Mint sauce was a Greek sauce used for dipping bread in the beginning of the meal. This sauce was most probably used by Jews during the Second Temple period and soon after in the dipping ritual of the Passover Seder, when Matza was dipped into various sauces in the beginning of the meal. The Karpas ritual, dipping of the vegetable in salt water, in the medieval and modern Passover Seder is a vestige memory of these Greek sauces used in the Symposium meal.
This recipe for Mint Sauce is based on a description of such a sauce in Athenaeus’ Deipnosophists Book 2, Chapter 66, d-e, quoted from Nicander of Colophon in his poem Theriaca (lines 875-876), from the 2nd century BCE. Of course Nicander was not talking about appetizers. He was talking about remedies from snake bites. But Athenaeus adopted his words into an appetizer.
ὅτι εἰς τὸ πρόπομα καὶ ταῦτα ἐνεβάλλοντο, πέπερι, φυλλίς, σμύρνα, κύπειρον, μύρον Αἰγύπτιον.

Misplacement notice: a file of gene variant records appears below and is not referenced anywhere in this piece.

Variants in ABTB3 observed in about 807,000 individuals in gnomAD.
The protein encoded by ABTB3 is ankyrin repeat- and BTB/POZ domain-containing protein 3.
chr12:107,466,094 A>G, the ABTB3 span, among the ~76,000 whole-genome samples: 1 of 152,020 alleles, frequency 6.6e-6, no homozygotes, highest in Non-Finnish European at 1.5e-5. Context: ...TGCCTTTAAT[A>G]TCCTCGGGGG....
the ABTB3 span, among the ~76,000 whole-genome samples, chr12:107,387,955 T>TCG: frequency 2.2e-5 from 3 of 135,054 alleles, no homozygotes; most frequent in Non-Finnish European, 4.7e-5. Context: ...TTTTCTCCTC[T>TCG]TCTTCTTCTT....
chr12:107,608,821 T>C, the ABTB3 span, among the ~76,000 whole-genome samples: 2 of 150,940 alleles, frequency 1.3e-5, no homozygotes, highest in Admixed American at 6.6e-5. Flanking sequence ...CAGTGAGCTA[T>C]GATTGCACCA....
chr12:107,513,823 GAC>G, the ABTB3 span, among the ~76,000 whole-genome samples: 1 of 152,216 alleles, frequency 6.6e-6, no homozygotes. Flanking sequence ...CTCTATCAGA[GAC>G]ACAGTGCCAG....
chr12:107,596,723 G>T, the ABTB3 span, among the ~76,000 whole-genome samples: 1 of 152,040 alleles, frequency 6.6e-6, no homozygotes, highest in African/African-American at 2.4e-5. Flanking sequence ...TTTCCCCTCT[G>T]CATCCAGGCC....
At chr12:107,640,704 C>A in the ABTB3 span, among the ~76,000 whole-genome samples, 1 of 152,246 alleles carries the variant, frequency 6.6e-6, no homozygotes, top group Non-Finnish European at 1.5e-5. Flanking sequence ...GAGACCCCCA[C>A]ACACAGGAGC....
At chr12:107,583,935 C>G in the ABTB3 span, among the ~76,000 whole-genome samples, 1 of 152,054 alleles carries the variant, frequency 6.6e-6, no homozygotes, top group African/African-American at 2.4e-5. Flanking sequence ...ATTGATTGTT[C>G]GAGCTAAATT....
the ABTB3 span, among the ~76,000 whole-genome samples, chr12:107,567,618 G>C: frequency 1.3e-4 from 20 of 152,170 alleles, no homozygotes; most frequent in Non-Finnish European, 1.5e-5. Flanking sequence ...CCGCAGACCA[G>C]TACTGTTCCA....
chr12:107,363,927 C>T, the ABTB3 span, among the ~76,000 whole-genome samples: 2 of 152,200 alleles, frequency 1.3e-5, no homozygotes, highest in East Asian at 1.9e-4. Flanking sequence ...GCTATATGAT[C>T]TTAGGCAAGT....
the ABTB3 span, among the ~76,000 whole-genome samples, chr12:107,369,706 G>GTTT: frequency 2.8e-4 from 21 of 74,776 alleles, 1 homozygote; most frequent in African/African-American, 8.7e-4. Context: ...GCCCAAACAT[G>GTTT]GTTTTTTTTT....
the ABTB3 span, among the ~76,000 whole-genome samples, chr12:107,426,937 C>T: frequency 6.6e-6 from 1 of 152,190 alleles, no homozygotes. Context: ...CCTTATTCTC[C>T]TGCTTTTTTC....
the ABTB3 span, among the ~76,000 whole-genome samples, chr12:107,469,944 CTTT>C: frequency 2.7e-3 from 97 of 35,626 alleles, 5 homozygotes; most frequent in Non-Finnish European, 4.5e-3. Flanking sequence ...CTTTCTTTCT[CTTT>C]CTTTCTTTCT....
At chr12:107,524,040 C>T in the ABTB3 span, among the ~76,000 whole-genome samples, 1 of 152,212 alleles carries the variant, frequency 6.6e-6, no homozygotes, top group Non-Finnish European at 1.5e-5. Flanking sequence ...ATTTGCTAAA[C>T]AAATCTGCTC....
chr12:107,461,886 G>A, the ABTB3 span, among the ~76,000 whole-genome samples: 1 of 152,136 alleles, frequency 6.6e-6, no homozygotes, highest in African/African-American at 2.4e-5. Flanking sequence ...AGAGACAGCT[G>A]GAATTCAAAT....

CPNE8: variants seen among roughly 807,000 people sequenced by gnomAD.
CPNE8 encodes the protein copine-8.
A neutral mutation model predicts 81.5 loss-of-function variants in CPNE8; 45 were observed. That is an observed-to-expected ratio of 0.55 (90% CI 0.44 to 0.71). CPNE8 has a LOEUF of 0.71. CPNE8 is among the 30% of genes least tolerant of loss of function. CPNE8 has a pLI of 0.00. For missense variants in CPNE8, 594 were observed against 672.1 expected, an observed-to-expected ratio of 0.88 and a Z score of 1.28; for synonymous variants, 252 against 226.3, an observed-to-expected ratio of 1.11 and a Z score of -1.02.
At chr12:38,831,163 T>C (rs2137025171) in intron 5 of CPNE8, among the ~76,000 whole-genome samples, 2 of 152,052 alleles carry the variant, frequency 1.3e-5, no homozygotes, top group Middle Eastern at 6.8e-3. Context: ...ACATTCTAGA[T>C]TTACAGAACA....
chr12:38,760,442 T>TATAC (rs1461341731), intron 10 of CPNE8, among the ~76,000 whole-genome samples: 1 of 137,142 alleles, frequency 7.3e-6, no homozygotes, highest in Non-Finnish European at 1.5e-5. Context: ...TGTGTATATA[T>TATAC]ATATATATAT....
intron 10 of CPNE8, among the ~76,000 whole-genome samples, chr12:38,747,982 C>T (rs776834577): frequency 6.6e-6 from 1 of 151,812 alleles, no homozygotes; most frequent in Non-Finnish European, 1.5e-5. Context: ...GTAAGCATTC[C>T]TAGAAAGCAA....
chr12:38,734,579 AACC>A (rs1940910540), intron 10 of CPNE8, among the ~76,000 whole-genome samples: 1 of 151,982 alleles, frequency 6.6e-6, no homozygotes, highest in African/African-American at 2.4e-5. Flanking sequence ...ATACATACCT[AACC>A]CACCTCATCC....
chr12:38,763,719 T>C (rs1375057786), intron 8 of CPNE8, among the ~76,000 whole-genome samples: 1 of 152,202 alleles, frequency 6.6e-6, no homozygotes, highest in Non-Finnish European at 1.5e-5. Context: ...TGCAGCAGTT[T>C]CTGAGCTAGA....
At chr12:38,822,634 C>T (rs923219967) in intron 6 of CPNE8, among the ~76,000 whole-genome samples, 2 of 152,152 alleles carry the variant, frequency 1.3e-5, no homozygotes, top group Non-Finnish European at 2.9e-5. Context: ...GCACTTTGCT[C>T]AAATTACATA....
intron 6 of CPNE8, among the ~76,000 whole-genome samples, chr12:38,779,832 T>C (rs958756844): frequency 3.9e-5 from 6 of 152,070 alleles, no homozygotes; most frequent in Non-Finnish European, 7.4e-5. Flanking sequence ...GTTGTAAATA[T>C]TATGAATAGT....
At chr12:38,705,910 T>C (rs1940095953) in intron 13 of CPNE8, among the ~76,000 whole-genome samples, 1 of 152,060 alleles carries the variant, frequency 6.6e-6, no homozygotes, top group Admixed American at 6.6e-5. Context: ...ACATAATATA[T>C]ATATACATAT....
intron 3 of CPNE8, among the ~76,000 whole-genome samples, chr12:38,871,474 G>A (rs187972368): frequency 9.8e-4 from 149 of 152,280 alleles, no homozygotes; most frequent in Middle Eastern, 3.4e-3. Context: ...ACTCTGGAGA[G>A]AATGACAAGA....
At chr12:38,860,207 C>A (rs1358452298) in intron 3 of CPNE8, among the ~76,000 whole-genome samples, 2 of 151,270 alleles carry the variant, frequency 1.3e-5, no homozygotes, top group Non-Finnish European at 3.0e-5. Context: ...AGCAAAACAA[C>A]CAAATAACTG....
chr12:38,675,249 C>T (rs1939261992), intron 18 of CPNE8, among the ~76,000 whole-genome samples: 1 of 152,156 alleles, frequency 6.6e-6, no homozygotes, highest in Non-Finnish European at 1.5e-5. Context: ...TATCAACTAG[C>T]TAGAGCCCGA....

ἢ καὶ λεπτοθρίοιο πολύχνοα φύλλα κονύζης,
πολλάκι δ᾽ ἢ πέπερι κόψας νέον ἢ ἀπὸ Μήδων
Into the appetizer these ingredients also were put, — pepper, a salad leaf, myrrh, sedge, and Egyptian perfume. … Nicander in the Theriaca: “or even the downy leaves of than flea-bane — often again, chopping up fresh pepper or Median cress.”
Greek text and translation is by Charles Burton Gulick, from Loeb Classical Library, Vol 1, 1927.
Nicander’s poetry in Theriaca (lines 872-878) sounds like this:
ἄλλοτε δ’ ὕσσωπός τε καὶ ἡ πολύγουνος ὄνωνις,
φύλλα τε Τηλεφίοιο νέον τ’ ἐν βότρυσι κλῆμα,
ἀγλῖθες καὶ καρπὸς ὀρειγενέος κορίοιο,
ἢ καὶ λεπτοθρίοιο πολύχνοα φύλλα κονύζης.
πολλάκι δ’ ἢ πέπεριv κόψας νέον ἢ ἀπὸ Μήδων
κάρδαμον έμπίσαιο· σέ δ’ ἂν πολvάvθεα yλήχωv
στρvχvοv τ’ ή6έ σίvηπι κακηπελέοvτα σαώσαι.
at another time HYSSOP and the manybranched REST-HARROW and the leaves of LOVE-IN-ABSENCE and
the fresh tendril on the GRAPE CLUSTER, CLOVES OF GARLIC, and
the seed of. the mountain-born CORIANDER, or even the downy
leaves of the delicate FLEABANE. Often too you may cut off
some fresh PEPPER or Persian GARDEN-CRESS and administer it in a drink; and the flowering PENNYROYAL and DEADLY NIGHT
SHADE and MUSTARD too may save one in evil plight.
Greek text and translation is from Gow, Andrew Sydenham Farrar, and Alwyn Faber Scholfield, Nicander – The Poems and Poetical Fragments, Cambridge University Press, 1953.